Politicians and school pupils have been given a rare insight into the recovery of one of Scotland’s most loved and rarest birds – the black grouse.
Murdo Fraser MSP joined landowners, Scottish Natural Heritage and government officials and Ardvreck School pupils for a tour around Strathbraan in Perthshire, which houses important numbers of black grouse.
The black grouse is a red-listed species, with Scotland holding most of the UK population and, at this time of year, males fight to display at the best ‘lek’ sites in a bid to attract females.
Attendees at the first ever open day hosted by Tayside and Central Scotland Moorland Group, learned how careful land stewardship had seen populations rebound in the area.
They were also driven through the local glen to see populations of endangered wading birds, with Strathbraan defined as ‘nationally important’ for red-listed species such as the curlew: Britain’s most urgent conservation priority.
Gamekeepers described how habitat management and the legal control of abundant predators had helped to increase the survival of rarer species such as black game and waders.
On one of the visited estates, a 20-year programme of woodland planting, grazing reduction, rotational heather burning, predator and bracken control had seen black grouse rise from very low numbers to around 50 male black grouse.
Gamekeeper Ronnie Kippen, who lives in the Glen said: ‘We had basically lost the black grouse from the top end of this glen. The late conservationist Dick Potts visited and advised on what could be done and thankfully his words were heeded.
‘Many thousands of metres were fenced off and the habitat thrived, providing great habitat for nesting and feeding. The control of predators helped get the balance right and it has been great to see the expansion of the black grouse, here.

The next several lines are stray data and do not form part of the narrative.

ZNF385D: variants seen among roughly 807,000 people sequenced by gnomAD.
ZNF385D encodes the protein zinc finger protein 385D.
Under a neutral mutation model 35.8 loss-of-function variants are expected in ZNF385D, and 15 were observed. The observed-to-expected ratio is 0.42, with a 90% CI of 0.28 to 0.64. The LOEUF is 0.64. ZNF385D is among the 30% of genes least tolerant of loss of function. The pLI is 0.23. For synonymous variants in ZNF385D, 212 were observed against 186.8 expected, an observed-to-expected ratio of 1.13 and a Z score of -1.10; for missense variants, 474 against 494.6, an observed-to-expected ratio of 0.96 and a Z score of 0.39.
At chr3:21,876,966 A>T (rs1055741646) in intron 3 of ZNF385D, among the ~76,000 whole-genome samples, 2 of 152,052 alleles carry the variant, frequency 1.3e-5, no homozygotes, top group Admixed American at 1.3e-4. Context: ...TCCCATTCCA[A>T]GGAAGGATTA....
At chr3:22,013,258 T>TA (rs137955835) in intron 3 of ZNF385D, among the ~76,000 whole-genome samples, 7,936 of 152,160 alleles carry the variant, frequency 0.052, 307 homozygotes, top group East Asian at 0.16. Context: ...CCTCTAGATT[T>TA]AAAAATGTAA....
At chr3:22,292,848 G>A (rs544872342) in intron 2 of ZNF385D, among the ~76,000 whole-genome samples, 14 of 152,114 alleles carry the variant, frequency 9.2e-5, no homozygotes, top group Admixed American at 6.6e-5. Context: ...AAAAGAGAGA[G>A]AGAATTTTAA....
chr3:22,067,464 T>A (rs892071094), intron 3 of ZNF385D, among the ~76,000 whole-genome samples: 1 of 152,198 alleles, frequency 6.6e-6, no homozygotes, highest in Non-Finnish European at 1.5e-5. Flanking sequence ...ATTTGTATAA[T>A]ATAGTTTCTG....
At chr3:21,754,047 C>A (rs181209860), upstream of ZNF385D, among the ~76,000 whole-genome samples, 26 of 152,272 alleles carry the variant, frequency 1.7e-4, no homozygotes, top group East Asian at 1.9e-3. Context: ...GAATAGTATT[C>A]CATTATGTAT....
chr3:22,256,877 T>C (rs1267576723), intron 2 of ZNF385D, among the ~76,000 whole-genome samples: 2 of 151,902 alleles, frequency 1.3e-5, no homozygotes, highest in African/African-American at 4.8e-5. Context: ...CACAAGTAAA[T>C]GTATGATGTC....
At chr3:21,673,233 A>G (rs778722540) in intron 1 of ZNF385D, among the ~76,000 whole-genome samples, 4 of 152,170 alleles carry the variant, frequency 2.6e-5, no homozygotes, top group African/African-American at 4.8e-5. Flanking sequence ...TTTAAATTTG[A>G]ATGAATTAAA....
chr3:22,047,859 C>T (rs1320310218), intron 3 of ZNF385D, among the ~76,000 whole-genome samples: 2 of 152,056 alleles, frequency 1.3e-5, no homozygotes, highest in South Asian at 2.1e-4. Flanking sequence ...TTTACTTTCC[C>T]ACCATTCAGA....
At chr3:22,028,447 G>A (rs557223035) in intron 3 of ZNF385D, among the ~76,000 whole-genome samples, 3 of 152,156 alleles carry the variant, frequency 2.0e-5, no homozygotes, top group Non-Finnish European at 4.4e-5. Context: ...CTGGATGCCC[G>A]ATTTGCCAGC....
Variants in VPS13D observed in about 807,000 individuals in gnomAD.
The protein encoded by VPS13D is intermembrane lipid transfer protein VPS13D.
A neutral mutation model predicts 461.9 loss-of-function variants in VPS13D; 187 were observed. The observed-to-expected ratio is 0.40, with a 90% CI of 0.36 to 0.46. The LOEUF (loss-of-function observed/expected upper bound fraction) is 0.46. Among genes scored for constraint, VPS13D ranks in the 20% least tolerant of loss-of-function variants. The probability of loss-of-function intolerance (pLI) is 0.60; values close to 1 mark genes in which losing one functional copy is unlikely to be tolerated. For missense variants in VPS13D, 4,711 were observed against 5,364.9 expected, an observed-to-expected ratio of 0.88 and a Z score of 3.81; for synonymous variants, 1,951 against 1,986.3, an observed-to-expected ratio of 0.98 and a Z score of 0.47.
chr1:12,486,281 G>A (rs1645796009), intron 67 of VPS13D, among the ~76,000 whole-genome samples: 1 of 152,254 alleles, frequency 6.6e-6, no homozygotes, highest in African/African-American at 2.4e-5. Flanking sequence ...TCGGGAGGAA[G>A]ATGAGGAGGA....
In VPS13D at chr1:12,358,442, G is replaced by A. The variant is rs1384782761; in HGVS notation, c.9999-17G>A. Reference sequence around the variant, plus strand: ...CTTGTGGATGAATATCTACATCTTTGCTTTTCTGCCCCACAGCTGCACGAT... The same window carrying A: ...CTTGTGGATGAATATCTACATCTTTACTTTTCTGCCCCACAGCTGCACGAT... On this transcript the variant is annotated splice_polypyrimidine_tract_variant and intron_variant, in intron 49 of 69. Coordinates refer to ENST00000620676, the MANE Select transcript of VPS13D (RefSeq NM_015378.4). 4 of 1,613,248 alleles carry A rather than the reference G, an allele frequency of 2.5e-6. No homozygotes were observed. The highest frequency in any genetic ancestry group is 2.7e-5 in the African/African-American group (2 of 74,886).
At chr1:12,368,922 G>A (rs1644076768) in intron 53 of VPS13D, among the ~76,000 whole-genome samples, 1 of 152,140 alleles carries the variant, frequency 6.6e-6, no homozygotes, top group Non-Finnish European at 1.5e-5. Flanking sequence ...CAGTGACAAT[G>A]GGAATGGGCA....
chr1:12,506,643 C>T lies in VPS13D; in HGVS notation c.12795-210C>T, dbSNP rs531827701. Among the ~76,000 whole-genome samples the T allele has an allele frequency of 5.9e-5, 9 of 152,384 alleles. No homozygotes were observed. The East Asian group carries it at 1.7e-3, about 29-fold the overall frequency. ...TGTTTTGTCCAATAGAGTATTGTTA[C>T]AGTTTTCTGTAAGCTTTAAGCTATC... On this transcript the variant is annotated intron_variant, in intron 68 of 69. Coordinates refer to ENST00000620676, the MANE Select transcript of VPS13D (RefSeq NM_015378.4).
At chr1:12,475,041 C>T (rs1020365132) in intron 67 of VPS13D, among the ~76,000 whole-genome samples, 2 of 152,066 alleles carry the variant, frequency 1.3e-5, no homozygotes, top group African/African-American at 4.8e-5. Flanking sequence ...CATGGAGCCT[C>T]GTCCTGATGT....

‘We now have them spread throughout the whole length of Glen Quaich. It is a joy to stop and watch their behaviour at this time of the year.’
A party of school children and their teachers were also shown a further site which houses three leks with over 20 males regularly sited there each spring.
The birds tend to jostle and display their white fan-like plumage early in the day before taking to rough pasture and long grass to feed.
Daniel Parker, estate manager at Abercairny added: ‘The black grouse numbers have always fluctuated in this area but that can also mean that they are spreading out, which is good.
‘Populations are certainly very strong at the moment and they have benefited from black grouse-friendly management such as predator control and the regeneration of heather through reduced grazing and muirburn. They seem to respond to habitats which are in the process of changing.’
It is estimated that there are only around 5,100 male black grouse left in the UK.
In countries such as Denmark, Holland and Belgium, they are down to their last few pairs.
A spokesperson for hosts Tayside and Central Scotland Moorland Group, said: ‘It was great to see children out learning about the management of the moors and the low ground which produces so much wildlife.’